The Commission on Wartime Contracting delivered its interim report (PDF) Wednesday to members of the House Oversight and Government Reform Committee. Created in July 2007, the Commission is an independent, bipartisan panel modeled after the “Truman Committee,” which attacked government waste in the years after World War II, saving the federal government some $178 billion. Given that we’ve sunk more than $830 billion in the wars in Iraq and Afghanistan since 2001, much of it now in the pockets of private contractors, the very fact that the Commission exists is a step in the right direction.
Not surprisingly, co-chairs Michael Thibault and Christopher Shays report serious breaches in contract management and oversight. Such problems, they say, “directly involve our nation’s ability to achieve policy objectives and provide proper support and protection for our warfighters and civilian employees engaged in contingency operations.” The fact is that contractors now outnumber US troops in both theaters of operation. Combined there are about 240,000 Pentagon contractors in Iraq and Afghanistan; Agencies like State and USAID have their own. Eighty percent of these are foreign nationals working for bewildering chains of subcontracts that routinely escape notice by federal contract management officers.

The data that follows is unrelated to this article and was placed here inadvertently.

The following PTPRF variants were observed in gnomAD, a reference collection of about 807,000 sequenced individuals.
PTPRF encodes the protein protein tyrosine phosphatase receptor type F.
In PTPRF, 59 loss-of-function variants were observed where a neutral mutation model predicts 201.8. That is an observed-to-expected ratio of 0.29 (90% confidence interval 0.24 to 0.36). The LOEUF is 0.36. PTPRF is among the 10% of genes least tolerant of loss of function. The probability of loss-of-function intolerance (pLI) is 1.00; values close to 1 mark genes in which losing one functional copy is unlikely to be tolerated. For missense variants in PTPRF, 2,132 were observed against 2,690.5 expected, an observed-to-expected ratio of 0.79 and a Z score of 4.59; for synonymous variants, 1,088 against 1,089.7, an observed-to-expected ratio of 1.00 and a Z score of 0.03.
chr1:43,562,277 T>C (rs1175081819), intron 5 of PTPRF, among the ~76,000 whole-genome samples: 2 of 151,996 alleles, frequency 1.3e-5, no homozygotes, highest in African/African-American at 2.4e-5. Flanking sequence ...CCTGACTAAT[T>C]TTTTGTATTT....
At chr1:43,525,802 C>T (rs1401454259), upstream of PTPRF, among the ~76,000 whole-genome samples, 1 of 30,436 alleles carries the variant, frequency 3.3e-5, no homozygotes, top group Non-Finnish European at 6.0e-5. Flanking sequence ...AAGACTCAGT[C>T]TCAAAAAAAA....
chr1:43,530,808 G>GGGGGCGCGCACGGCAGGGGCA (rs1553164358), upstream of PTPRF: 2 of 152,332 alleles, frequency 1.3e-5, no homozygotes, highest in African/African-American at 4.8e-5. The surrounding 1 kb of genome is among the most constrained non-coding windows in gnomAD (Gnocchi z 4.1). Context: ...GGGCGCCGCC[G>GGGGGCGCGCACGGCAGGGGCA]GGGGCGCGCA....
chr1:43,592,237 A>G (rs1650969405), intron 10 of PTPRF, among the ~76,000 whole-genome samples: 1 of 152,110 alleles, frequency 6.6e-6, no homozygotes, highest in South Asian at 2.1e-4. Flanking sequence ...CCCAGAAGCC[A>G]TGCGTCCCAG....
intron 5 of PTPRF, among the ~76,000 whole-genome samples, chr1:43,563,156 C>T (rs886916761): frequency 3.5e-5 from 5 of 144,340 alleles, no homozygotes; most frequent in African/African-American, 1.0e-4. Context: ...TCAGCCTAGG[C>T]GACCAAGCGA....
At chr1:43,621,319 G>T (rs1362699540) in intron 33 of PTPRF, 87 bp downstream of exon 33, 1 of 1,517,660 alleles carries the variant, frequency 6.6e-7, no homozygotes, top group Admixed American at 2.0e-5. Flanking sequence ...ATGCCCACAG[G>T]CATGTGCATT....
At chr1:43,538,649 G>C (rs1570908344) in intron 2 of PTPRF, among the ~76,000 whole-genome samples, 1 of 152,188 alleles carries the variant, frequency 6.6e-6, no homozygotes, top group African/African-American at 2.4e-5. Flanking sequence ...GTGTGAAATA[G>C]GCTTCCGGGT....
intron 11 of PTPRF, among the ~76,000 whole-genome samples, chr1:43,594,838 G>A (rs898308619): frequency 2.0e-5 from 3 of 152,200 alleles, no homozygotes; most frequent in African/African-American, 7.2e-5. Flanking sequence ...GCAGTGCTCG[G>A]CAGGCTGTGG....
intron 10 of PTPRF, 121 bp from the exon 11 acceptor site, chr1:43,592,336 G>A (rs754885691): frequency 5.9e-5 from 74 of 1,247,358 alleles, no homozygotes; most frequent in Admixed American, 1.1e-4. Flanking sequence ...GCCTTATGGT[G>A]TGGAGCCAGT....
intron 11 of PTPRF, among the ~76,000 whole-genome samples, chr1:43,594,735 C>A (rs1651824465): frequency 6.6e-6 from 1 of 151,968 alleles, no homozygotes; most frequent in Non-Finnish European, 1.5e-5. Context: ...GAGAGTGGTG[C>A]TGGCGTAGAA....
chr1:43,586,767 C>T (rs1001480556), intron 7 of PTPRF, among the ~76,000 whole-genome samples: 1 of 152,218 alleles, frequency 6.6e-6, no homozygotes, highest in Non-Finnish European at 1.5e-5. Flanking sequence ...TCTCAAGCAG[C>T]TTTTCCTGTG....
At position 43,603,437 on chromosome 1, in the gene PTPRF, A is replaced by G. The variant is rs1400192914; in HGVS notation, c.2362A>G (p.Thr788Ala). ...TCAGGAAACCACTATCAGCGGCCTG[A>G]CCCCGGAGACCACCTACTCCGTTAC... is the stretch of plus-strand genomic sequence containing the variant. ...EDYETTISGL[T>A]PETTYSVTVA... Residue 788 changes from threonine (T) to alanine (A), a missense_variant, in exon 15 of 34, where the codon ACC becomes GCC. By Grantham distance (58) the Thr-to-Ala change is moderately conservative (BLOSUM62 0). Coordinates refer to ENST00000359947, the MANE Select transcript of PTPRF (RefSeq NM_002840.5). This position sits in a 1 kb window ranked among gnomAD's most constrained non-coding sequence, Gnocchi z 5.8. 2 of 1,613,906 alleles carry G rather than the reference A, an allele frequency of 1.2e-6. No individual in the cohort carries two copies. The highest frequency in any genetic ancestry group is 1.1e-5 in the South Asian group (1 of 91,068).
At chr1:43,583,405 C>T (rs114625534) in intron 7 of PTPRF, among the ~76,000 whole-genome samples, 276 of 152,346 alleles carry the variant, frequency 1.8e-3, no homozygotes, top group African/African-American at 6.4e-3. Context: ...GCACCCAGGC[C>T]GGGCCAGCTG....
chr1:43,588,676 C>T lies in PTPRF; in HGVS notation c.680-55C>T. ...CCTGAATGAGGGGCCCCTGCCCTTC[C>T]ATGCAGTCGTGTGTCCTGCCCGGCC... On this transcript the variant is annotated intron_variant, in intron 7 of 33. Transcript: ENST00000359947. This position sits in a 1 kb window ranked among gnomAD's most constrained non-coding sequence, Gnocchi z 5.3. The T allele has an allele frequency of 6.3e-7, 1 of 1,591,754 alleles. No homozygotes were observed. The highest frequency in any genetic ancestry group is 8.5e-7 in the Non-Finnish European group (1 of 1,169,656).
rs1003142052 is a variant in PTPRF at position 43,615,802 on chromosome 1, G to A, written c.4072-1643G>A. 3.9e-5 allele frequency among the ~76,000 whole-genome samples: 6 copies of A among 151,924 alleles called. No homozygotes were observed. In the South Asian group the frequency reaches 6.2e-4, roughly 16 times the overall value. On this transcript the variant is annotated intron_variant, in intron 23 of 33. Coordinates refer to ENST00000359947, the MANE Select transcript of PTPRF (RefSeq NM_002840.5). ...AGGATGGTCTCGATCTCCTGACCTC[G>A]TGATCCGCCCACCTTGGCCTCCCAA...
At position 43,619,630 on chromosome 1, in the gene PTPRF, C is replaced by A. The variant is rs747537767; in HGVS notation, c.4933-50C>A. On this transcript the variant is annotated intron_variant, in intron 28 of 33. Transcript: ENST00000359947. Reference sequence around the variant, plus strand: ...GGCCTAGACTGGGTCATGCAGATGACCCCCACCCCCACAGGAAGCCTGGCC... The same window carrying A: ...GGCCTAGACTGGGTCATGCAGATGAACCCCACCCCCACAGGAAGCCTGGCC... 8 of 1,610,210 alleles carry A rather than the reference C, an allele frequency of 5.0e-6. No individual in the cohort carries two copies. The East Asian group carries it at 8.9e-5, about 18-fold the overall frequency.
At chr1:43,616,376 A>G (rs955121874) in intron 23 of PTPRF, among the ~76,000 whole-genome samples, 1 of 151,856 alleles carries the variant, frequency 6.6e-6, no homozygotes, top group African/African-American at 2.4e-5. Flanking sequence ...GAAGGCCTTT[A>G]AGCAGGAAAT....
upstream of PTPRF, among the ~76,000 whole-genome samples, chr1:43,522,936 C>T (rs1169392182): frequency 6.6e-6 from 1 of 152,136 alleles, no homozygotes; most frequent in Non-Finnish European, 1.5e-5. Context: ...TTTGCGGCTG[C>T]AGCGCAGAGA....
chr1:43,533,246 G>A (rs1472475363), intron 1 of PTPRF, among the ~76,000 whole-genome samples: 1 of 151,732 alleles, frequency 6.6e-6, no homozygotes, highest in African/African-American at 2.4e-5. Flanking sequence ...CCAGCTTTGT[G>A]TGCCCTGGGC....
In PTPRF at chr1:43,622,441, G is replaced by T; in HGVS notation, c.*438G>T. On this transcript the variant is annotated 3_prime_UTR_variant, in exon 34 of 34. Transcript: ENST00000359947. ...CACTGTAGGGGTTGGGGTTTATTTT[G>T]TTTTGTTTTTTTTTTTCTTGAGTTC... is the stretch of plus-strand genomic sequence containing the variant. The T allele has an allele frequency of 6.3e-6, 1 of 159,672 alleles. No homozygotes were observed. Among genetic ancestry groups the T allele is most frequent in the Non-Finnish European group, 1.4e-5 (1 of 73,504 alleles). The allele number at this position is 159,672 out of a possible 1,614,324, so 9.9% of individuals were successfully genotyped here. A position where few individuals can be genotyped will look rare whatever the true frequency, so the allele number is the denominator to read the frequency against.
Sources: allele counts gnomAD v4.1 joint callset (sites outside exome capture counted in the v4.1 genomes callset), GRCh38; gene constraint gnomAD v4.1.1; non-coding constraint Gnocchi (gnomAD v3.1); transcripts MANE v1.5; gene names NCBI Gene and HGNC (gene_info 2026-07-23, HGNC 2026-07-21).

The Commission’s final report is due to be released in August 2010, but here are some preliminary findings as reported to lawmakers on Wednesday:
- The drawdown of US forces in Iraq risks incurring enormous waste, which could range from completion of work that may not need to be done, to poorly controlled handling and disposition of US government property.
- There is a critical shortage of qualified contract-management personnel in theater and those that are there are stretched too thin. In particular, the process for designating and training contracting officer’s representatives to check contractor performance in theater is broken.
- There is a need for greater accountability in the use of subcontractors. Subcontracts account for more than 70 percent of the work, but government has very little visibility into their operations.
- The effectiveness of contractor support of expanded US operations in Afghanistan is compromised by the failure to extract and apply lessons learned from Iraq, particularly those about poor coordination among agencies.
- The Department of Defense should accelerate its plans to establish a contracting command in Afghanistan. The troop surge in Afghanistan demands that contracting oversight be conducted in-country rather than from Iraq, which is currently the case.
- The Department of Defense should take immediate steps to ensure that contractors providing security for our operating bases are well trained and equipped to provide strong force protection to our military.